Kelimutu National Park is located on the island of Flores, Indonesia, its covers an area of 5.356,50 hectares at the geographical location 121o44' - 121o51' East and 8o43' - 8o48 South. Rainfall 1.615 - 3.363 mm/annual, temperature 25o - 31o C. It consists of a region with hills and mountain with Mount Kelibara (1.731 m above sea level) as its highest peak. Mount Kelimutu, which has the three coloured lake, is also located in this national park. This natural attraction is a destination for tourist.

The topography of Kelimutu National Park varies from gently rolling hills to more mountainous relief.

Some of the plants that grow in the park area are Kayu Mata (Albizia montana), Kebu (Homalanthus giganteus), Tokotaka (Putranjiva roxburghii), Uwi Rora (Ardisia humilis), Longgo Baja (Drypetes subcubica), Toko Keo (Cyrtandra sp.), Kayu Deo (Trema cannabina), Kayu Bu (Casuarina equisetifolia), Kelo (Ficus villosa), and Ampupu (Eucalyptus urophylla).

The park provides habitat for at least 19 restricted-range bird species including the near threatened Flores-green Pigeon (Treron floris), Wallace's Scop Owl (Otus silvicola), Chestnut-backed Jungle Flycatcher (Rhinomyias oscillans), Bare-throated Whistler (Pachycephala nudigula), Little Minivet (Pericrocotus lansbergei), Russet-capped  Tesia (Tesia everetti), Thick-billed White-eye (Heleia crassirostris), Crested White-eye (Lophozosterops dohertyi), Golden-rumped Flowerpecker (Dicaeum annae), Flores Monarch (Monarcha sacerdotum), Flame-breasted Sunbird (Nectarinia solaris), and Flores Hawk-eagle (Spizaetus floris).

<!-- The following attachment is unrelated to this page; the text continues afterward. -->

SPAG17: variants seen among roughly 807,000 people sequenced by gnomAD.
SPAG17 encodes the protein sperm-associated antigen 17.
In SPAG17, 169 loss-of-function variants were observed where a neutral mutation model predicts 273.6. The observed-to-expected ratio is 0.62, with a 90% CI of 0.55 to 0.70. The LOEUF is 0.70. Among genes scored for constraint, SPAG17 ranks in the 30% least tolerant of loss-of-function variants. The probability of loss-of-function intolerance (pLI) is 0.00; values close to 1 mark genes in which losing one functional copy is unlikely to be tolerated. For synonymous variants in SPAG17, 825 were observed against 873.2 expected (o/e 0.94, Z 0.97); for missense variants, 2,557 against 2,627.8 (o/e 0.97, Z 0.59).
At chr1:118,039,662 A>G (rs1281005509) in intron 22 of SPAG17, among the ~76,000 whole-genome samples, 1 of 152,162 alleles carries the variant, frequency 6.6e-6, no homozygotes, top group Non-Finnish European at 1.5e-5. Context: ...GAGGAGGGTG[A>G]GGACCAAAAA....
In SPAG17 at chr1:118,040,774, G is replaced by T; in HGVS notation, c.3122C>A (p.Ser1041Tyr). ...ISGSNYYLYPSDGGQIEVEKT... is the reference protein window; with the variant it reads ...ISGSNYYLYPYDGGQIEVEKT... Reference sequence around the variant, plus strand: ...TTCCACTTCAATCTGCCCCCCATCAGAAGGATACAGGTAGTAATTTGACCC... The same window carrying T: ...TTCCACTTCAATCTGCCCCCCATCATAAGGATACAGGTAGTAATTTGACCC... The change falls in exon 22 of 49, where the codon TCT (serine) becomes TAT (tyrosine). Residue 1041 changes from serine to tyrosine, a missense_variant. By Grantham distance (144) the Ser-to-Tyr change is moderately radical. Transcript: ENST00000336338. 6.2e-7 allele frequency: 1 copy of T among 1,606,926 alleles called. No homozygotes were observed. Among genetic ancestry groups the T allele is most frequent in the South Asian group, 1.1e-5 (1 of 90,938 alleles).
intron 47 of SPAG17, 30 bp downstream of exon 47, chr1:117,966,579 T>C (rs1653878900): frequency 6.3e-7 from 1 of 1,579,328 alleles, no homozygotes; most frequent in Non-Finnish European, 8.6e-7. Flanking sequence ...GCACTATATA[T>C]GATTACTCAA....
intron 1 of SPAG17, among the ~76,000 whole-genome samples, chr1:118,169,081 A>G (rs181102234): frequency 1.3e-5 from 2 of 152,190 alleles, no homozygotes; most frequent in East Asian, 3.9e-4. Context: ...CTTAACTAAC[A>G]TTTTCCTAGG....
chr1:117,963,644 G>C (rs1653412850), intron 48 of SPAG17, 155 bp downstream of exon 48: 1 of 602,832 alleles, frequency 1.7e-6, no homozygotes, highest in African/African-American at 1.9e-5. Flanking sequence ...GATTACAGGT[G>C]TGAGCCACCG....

The national park also records other species that are easily spotted such as Perkici Rainbow (Trichoglossus haematodus weben), Lodo (Ducula rosaceae), Rufous-chested Flycatcher (Ficedula Dumetoria), Ordinary Glasses (Zosterop palpebrosa unica), and many other blending into the harmony of birds chirping.

The four endemic mammals include two montane rodents : Bunomys naso and Rattus hainaldi.

Not only does it have bigh biodiversity, this park is also the location of a unique natural phenomenom-three different-coloured lakes at the peak of Mount Kelimutu (1.690 m above sea level) . The first lake is named Tiwu Ata Mbupu (lake of people spirits), the second is named Tiwu Nuwa Muri Koo Fai (lake of young people spirits),  and the third is Tiwu Ata Polo (lake of fortune teller spirits).

The first and the second lakes are situated close together, while the third lake is abou 1,5 km to the west. The colour of the water in each lake is different and the colours change from time to time, particularly that of Tiwu Nuwa Koo Fai lake : twenty years ago, its water changed colour twelve times. Thought to be caused by the volcanic activity of Kelimutu, it has also been suggesten that the changes in colour are due to refraction of the sun's rays, microbiota in the water, dissolution of chemical substances, and the reflection of the colour of the lake walls and bottom.

This is determined by the gases seeping out of the volcano and into the water, with the colour altered by the amount of oxygen which can be carried within the water molecules in each lake. Much like veins and arteries in your body, the colouring is determined by the abundance of oxygen within the individual lakes.

For example, when the lake waters lack oxygen, they look green or blue (just like de-oxygenated blood seen in your veins), and when they are rich oxygen, they are deep red or black.

Declared by Minister of Forestry No. 679/Kpts-II/1997. October 10,1997.